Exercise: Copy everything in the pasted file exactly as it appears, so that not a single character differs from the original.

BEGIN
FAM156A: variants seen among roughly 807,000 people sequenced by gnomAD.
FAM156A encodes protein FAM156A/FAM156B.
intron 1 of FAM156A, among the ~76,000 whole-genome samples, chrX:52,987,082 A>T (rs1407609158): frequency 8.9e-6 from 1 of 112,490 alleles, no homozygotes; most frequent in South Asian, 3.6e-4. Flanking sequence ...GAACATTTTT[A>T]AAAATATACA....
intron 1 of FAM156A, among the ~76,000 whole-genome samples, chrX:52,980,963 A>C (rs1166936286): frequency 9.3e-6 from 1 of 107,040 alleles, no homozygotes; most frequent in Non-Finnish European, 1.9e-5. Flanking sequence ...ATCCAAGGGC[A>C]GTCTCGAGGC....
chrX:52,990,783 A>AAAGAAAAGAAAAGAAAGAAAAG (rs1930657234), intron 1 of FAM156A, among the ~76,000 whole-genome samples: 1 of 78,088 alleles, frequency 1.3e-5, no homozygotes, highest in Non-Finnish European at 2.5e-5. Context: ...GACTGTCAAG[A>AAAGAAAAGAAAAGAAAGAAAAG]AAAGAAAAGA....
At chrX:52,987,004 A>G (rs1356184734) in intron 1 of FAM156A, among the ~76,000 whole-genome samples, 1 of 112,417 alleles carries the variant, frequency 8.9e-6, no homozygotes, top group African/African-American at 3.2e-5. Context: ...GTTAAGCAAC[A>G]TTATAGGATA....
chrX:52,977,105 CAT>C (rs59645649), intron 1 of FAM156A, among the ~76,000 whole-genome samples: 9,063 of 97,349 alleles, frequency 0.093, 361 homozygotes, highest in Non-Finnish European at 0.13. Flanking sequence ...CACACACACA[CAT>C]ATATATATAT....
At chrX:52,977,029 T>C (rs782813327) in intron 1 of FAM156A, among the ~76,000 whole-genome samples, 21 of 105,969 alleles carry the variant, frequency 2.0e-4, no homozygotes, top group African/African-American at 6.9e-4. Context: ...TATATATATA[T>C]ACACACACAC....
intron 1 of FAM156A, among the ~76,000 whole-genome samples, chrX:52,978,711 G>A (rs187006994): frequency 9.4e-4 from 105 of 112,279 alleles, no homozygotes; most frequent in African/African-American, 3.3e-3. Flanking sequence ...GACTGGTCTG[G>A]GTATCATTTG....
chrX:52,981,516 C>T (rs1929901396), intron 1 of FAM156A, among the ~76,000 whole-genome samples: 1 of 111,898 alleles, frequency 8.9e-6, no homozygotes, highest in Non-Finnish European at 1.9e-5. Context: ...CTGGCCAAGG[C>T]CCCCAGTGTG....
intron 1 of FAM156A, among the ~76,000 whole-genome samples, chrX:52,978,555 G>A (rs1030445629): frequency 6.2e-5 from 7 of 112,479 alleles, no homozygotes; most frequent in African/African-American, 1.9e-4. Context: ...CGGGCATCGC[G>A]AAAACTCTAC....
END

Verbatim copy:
FAM156A: variants seen among roughly 807,000 people sequenced by gnomAD.
FAM156A encodes protein FAM156A/FAM156B.
intron 1 of FAM156A, among the ~76,000 whole-genome samples, chrX:52,987,082 A>T (rs1407609158): frequency 8.9e-6 from 1 of 112,490 alleles, no homozygotes; most frequent in South Asian, 3.6e-4. Flanking sequence ...GAACATTTTT[A>T]AAAATATACA....
intron 1 of FAM156A, among the ~76,000 whole-genome samples, chrX:52,980,963 A>C (rs1166936286): frequency 9.3e-6 from 1 of 107,040 alleles, no homozygotes; most frequent in Non-Finnish European, 1.9e-5. Flanking sequence ...ATCCAAGGGC[A>C]GTCTCGAGGC....
chrX:52,990,783 A>AAAGAAAAGAAAAGAAAGAAAAG (rs1930657234), intron 1 of FAM156A, among the ~76,000 whole-genome samples: 1 of 78,088 alleles, frequency 1.3e-5, no homozygotes, highest in Non-Finnish European at 2.5e-5. Context: ...GACTGTCAAG[A>AAAGAAAAGAAAAGAAAGAAAAG]AAAGAAAAGA....
At chrX:52,987,004 A>G (rs1356184734) in intron 1 of FAM156A, among the ~76,000 whole-genome samples, 1 of 112,417 alleles carries the variant, frequency 8.9e-6, no homozygotes, top group African/African-American at 3.2e-5. Context: ...GTTAAGCAAC[A>G]TTATAGGATA....
chrX:52,977,105 CAT>C (rs59645649), intron 1 of FAM156A, among the ~76,000 whole-genome samples: 9,063 of 97,349 alleles, frequency 0.093, 361 homozygotes, highest in Non-Finnish European at 0.13. Flanking sequence ...CACACACACA[CAT>C]ATATATATAT....
At chrX:52,977,029 T>C (rs782813327) in intron 1 of FAM156A, among the ~76,000 whole-genome samples, 21 of 105,969 alleles carry the variant, frequency 2.0e-4, no homozygotes, top group African/African-American at 6.9e-4. Context: ...TATATATATA[T>C]ACACACACAC....
intron 1 of FAM156A, among the ~76,000 whole-genome samples, chrX:52,978,711 G>A (rs187006994): frequency 9.4e-4 from 105 of 112,279 alleles, no homozygotes; most frequent in African/African-American, 3.3e-3. Flanking sequence ...GACTGGTCTG[G>A]GTATCATTTG....
chrX:52,981,516 C>T (rs1929901396), intron 1 of FAM156A, among the ~76,000 whole-genome samples: 1 of 111,898 alleles, frequency 8.9e-6, no homozygotes, highest in Non-Finnish European at 1.9e-5. Context: ...CTGGCCAAGG[C>T]CCCCAGTGTG....
intron 1 of FAM156A, among the ~76,000 whole-genome samples, chrX:52,978,555 G>A (rs1030445629): frequency 6.2e-5 from 7 of 112,479 alleles, no homozygotes; most frequent in African/African-American, 1.9e-4. Context: ...CGGGCATCGC[G>A]AAAACTCTAC....